Poultry Peo­ple

Art in­spired by hens

Your Chickens - - Contents -

Who, or what first got you in­ter­ested in keep­ing chick­ens – and how long ago? My friend Oliver kept chick­ens, which we al­ways spoke about, but I just couldn’t de­cide whether chicken-keep­ing was for me. He took the de­ci­sion out of my hands by leav­ing five of them on my doorstep one day – and that was 19 years ago!

What were the breeds? We started with Pekin ban­tams and slowly added to our flock, but we have al­ways had ban­tams of all sorts and colours, rang­ing from small to very small. I love ban­tams… I find their colours and mark­ings beau­ti­ful and fas­ci­nat­ing, but I also love the way they seem to love life. I love the way they sun­bathe and join me in the gar­den when I’m weed­ing… they dust and scratch and chat away to one an­other and me as if their life de­pends upon it!

From look­ing at ex­am­ples of your work (par­tic­u­larly your ceram­ics), it’s ob­vi­ous that your chick­ens pro­vide in­spi­ra­tion – what is it about them that does so? My chick­ens are ideal subjects for my ceram­ics; they are quirky, beau­ti­ful in colour and form and their im­ages can of­ten be in­cor­po­rated into de­signs that re­flect my other great loves, namely flow­ers and my gar­den. These im­ages on my vases, teapots, jugs and bowls con­tinue to be a best-seller and I have met so many cus­tomers that are equally crazy about their chick­ens.

Who in­spired you to be­come an artist? I stud­ied art at college and univer­sity and have an art-re­lated de­gree… but… as a child I used to paint with my granny ev­ery weekend. She was re­ally tal­ented and took me to all sorts of coun­try and coastal re­treats with a flask of tea and Mar­mite sand­wiches.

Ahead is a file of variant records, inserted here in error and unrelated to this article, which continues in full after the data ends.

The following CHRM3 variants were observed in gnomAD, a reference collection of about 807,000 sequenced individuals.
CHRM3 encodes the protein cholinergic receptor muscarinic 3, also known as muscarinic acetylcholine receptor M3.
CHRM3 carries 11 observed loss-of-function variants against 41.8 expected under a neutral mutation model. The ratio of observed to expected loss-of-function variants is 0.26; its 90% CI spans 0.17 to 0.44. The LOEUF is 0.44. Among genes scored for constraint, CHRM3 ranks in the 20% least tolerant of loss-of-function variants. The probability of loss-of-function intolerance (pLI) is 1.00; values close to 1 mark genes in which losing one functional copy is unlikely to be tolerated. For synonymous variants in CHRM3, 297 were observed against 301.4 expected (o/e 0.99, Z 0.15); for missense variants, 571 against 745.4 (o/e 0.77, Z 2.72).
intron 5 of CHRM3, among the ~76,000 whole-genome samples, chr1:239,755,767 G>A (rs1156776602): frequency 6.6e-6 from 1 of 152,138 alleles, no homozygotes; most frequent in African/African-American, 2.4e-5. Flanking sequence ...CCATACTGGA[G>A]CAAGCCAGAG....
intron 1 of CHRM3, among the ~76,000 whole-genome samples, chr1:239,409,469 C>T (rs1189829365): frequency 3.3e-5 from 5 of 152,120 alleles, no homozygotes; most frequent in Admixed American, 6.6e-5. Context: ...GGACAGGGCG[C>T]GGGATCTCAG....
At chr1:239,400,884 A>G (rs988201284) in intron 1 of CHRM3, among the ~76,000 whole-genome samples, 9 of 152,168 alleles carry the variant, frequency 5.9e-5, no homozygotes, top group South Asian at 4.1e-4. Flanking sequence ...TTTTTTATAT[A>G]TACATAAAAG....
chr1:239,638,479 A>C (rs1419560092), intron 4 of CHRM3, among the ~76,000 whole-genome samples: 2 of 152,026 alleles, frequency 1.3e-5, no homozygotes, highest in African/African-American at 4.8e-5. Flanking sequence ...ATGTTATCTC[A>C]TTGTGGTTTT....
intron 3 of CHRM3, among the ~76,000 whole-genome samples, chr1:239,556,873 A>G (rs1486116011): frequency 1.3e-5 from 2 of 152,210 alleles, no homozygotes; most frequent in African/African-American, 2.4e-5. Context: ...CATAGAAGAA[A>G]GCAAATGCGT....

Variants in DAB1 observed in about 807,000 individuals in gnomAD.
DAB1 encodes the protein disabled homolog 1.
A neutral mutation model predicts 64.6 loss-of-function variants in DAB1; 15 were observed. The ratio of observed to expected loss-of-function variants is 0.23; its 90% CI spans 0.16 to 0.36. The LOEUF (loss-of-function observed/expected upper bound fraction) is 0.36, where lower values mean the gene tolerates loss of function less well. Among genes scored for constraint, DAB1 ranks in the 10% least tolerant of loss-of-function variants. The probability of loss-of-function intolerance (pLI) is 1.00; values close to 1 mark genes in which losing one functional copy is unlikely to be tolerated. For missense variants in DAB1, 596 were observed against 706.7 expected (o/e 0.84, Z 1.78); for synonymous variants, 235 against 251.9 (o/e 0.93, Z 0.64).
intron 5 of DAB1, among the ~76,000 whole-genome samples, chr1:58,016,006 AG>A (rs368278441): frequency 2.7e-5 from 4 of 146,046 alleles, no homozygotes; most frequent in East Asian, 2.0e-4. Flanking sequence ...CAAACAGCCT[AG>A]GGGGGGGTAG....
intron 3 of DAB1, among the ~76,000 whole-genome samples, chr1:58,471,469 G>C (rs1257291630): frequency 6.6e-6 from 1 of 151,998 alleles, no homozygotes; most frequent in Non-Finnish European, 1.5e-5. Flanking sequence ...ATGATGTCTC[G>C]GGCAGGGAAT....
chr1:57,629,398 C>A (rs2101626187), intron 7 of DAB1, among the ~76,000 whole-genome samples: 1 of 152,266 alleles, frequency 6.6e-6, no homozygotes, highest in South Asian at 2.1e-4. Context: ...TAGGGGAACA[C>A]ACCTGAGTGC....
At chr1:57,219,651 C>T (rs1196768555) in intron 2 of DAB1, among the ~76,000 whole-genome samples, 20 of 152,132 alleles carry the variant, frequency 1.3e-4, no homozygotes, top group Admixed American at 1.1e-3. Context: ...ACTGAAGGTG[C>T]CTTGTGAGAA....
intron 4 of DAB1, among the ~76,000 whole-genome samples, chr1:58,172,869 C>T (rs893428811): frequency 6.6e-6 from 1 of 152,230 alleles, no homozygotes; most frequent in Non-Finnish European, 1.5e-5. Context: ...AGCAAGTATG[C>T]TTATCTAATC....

It’s well known that writ­ers suf­fer from ‘writer’s block’ – is the same true of artists… and if so, do your chick­ens help un­block the block? I don’t gen­er­ally suf­fer from artists’ block but, if I do, then I paint a chicken or, if I just need a break, then sit­ting in the gar­den with a glass of wine and watch­ing the chick­ens usu­ally re­freshes me. I of­ten stare at them for ages when I should be work­ing!

How do you fit your daily chicken rou­tine in with your work and, bear­ing in mind re­cent scares with re­gard to bird flu, have you had to al­ter your rou­tine/hous­ing in any way? Hap­pily, my hus­band is the main chicken carer and he has just built a new large chicken house and en­clo­sure, whereas pre­vi­ously their ‘free range’ was lim­it­less. (They weren’t too happy about the changes, I must ad­mit!)

Fi­nally, what single piece of ad­vice would you give any­one con­sid­er­ing start­ing with chick­ens? Try to get your chick­ens to lay their eggs where you want them to. It might seem to be a bit of mar­ket­ing but, if you see ‘dummy’ eggs for sale at your lo­cal agricultural shop, take heed and buy some – placed in the nest box, they will def­i­nitely help young pul­lets un­der­stand ex­actly where they are sup­posed to lay. With­out such sup­port in the past we’ve found eggs in­side the car’s spare wheel, on top of the com­post heap and in more other places than you can imag­ine! Fi­nally, it may sound ob­vi­ous, but lots of cock­erels may re­sult in lots of chicks and most of them will be cock­erels too. Talk­ing of which, can you please give ‘Ger­ald’, the cock bird in the photo a men­tion… I know he’ll ap­pre­ci­ate it! Find out more about Kather­ine’s work at her web­site: www.kather­inebar­ne­yartist. co.uk www.yourchick­ens.co.uk

Newspapers in English

Newspapers from UK

© PressReader. All rights reserved.